If you aren’t very familiar with the plant-based and vegan world, I wrote this section to get you acquainted.

Plant-based diet – A general term to describe a diet of primarily plants which is usually chosen for health reasons. The term is often used to refer to 100% plant-derived diets, but may also be used for diets that include modest amounts of animal-based products.

Whole foods plant-based (WFPB) diet – A plant-based diet that focuses on eating plants in their intact, whole form with minimal processing. Some whole grain pasta, whole grain bread, nut butters, etc may be included but the focus is on foods as they’re found in nature: whole wheat berries, oat groats, whole nuts (without the shell!), beans, fruits, vegetables, etc. This term usually refers to 100% plant-based diets.

Vegan diet – Vegans avoid supporting all industries that confine or harm animals (like farms, zoos, rodeos, leather), as far as is practical. There’s nothing inherently health-promoting about a vegan diet. Oreos and twizzlers are vegan!

These terms can be confusing especially because people will misuse them.

Coaching and Behavior Change

Everything Howard Jacobson offers online at is brilliant. He’s a writer, teacher, coach and advocate for justice, sustainability and whole foods plant-based living. His humility and sense of humor are disarming, his intelligence incisive, and his ability to unleash fabulous metaphors in casual conversation always makes me smile. Check out his podcast–it’s the best!


There are soooo many free plant-based recipes online. If you like to watch Youtube: try Rainbow Plant Life or The Whole Food Plant Based Cooking Show. Cooking for Peanuts is amazing on Instagram. Other places to read wonderful recipes: Oh She Glows, Vegan Richa, Forks over Knives . . . then there are the apps. Once you get the hang of plant-based cooking, you can take your favorite recipes from the New York Times, or anywhere, and ‘veganize’ them.

If you’re wanting to try out a “WFPB no SOS” way of eating which has a unique ability to quiet cravings, check out Straight Up Food by Cathy Fisher. She’s a self-taught chef offering tasty, ‘straight up,’ familiar dishes with a super healthy flair. She doesn’t use any refined oils, refined sugars or salt in her recipes. (hence: “no SOS”.) If you haven’t gone “no-SOS”, no problem; you can add a little salt, oil or sugar to taste to most recipes (careful with baked goods, however). I have Cathy’s Straight Up Food cookbook which is a reliable resource for simple plant-based recipes and cooking tips–the spiral binding is a big plus.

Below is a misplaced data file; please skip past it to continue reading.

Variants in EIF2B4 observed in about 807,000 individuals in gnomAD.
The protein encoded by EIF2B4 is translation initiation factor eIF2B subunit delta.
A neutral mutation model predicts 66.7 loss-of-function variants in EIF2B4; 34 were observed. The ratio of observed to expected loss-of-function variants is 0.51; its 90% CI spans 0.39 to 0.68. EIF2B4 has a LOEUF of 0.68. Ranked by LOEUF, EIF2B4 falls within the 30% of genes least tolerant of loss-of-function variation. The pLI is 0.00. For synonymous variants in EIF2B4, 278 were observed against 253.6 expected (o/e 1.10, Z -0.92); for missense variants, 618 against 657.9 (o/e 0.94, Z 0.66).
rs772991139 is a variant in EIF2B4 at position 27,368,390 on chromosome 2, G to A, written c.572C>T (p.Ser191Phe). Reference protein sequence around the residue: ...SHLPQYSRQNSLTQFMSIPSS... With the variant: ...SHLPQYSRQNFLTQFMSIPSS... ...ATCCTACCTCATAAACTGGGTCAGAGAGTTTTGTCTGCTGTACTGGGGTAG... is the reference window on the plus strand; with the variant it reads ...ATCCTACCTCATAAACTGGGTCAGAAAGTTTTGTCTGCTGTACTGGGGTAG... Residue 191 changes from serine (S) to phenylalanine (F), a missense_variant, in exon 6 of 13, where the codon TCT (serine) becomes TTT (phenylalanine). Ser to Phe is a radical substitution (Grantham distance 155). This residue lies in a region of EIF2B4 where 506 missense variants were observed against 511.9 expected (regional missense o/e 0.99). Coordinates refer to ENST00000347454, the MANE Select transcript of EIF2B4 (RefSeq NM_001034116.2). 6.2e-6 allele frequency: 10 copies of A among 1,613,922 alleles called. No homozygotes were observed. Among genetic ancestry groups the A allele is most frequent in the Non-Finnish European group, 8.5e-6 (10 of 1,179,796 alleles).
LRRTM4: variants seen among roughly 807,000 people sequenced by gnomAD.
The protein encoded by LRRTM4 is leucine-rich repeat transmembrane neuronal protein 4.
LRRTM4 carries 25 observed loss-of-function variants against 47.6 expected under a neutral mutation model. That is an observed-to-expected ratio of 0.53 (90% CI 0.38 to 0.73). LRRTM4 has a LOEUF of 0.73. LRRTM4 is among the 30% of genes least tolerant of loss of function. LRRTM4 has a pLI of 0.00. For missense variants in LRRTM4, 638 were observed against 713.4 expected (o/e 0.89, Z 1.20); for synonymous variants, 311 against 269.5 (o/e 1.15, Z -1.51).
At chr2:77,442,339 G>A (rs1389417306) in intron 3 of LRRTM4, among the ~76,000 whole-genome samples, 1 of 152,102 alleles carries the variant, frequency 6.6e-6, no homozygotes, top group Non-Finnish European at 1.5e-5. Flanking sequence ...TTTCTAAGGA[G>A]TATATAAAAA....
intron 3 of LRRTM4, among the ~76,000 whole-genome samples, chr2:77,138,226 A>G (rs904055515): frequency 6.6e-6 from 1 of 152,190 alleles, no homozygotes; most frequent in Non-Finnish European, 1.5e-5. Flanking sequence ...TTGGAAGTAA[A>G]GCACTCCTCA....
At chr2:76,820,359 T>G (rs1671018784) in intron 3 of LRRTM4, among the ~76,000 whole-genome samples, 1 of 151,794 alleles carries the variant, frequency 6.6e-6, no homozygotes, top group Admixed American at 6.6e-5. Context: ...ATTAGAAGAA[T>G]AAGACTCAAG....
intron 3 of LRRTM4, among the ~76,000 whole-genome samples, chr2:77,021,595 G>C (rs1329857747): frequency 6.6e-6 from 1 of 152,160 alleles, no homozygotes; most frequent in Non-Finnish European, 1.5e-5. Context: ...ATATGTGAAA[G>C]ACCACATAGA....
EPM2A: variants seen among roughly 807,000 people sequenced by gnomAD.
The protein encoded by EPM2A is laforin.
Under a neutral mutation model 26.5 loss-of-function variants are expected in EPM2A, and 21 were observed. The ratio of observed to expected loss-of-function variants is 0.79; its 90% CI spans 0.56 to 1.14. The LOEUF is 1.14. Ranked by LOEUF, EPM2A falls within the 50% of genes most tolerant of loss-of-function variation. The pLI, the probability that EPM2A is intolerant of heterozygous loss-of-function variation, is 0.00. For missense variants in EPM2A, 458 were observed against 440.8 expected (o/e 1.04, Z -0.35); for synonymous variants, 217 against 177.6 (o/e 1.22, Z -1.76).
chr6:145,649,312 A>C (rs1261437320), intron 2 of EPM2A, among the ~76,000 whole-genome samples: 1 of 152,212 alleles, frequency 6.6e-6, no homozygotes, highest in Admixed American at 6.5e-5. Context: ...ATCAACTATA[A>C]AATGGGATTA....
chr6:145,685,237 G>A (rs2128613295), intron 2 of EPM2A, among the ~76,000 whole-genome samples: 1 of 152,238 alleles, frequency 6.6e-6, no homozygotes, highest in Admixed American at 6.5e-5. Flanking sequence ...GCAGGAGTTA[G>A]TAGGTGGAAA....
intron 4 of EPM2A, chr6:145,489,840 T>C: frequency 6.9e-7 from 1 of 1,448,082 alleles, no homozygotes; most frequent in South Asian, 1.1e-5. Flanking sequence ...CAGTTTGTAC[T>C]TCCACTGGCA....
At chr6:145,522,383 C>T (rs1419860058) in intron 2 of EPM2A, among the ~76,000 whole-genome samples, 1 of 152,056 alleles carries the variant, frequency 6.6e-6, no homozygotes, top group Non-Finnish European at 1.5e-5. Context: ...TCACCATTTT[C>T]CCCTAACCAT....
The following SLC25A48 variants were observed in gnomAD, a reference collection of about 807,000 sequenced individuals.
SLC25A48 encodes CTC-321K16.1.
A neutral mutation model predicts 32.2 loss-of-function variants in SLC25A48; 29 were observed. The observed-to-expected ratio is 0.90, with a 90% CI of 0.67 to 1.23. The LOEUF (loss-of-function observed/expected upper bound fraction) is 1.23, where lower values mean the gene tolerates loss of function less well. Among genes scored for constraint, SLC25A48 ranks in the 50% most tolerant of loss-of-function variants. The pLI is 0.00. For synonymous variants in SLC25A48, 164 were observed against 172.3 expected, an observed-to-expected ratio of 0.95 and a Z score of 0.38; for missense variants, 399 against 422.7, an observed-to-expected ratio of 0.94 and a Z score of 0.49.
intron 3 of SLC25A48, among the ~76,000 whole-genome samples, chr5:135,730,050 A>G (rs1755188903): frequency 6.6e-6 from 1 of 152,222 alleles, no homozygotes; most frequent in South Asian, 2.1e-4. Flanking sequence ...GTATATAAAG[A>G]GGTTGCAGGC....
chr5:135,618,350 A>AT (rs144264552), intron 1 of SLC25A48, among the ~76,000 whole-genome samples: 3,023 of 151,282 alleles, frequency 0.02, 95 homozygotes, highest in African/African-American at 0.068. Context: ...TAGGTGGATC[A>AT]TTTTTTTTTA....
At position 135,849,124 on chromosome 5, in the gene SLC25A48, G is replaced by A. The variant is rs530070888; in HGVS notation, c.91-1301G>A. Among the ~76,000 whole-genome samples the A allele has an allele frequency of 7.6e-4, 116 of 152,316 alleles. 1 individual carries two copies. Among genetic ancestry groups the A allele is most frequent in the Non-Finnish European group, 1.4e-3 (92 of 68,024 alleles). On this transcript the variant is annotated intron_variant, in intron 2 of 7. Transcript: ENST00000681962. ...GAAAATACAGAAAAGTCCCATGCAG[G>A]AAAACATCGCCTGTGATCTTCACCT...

Nutrition and Health information

The preponderance of scientific evidence shows that a mostly whole food plant-based dietary pattern can help in the prevention and treatment of chronic lifestyle diseases. That said, not everyone needs to eat 100% plant-based to optimize their health. Because the ethical and environmental benefits of a plant-based diet are also vast, I encourage others to go as plant-based as they can.

Here are a few of my favorite health professionals who offer exceptional, evidence-based content online to laypeople. They have podcasts, youtube channels and websites.

Physiotherapist and Nutritionist Simon Hill hosts an information-packed podcast (The Proof) where he interviews experts, mostly in the fields of nutrition and exercise. He sometimes gets ‘into the weeds’ of the science (which I appreciate) and emerges with summaries and straight-forward takeaways. Although Simon advocates for a plant-based dietary pattern, in general, he welcomes guests with varied views on his show. Simon also ventures into topics such as environmental sustainability and human relationships, reflecting the larger context of human health and well-being. Simon’s first book, The Proof is in the Plants, came out in 2021.

Danny Lennon of Sigma Nutrition

Gil Carvalho, MD, PhD of Nutrition Made Simple

Mario Kratz, PhD of Nourished By Science

The “Godmothers” of vegan nutrition

Vesanto Melina, Brenda Davis, RD and Ginny Messina, RD are pioneers in the plant-based nutrition world. I have their books from 20-30 years ago and they’re still going strong. I trust everything they write. The first two co-authored a great book recently Vegan Powered Protein which I highly recommend.

General Health Resources

Dawn Motyka, MD is a Santa Cruz family physician who specializes in Functional Medicine. She’s a ‘regular’ doctor with a holistic approach. She generously answers questions from callers and emailers on her radio show and you can hear the archives via her podcast or on her website. We are fortunate to have her in our community.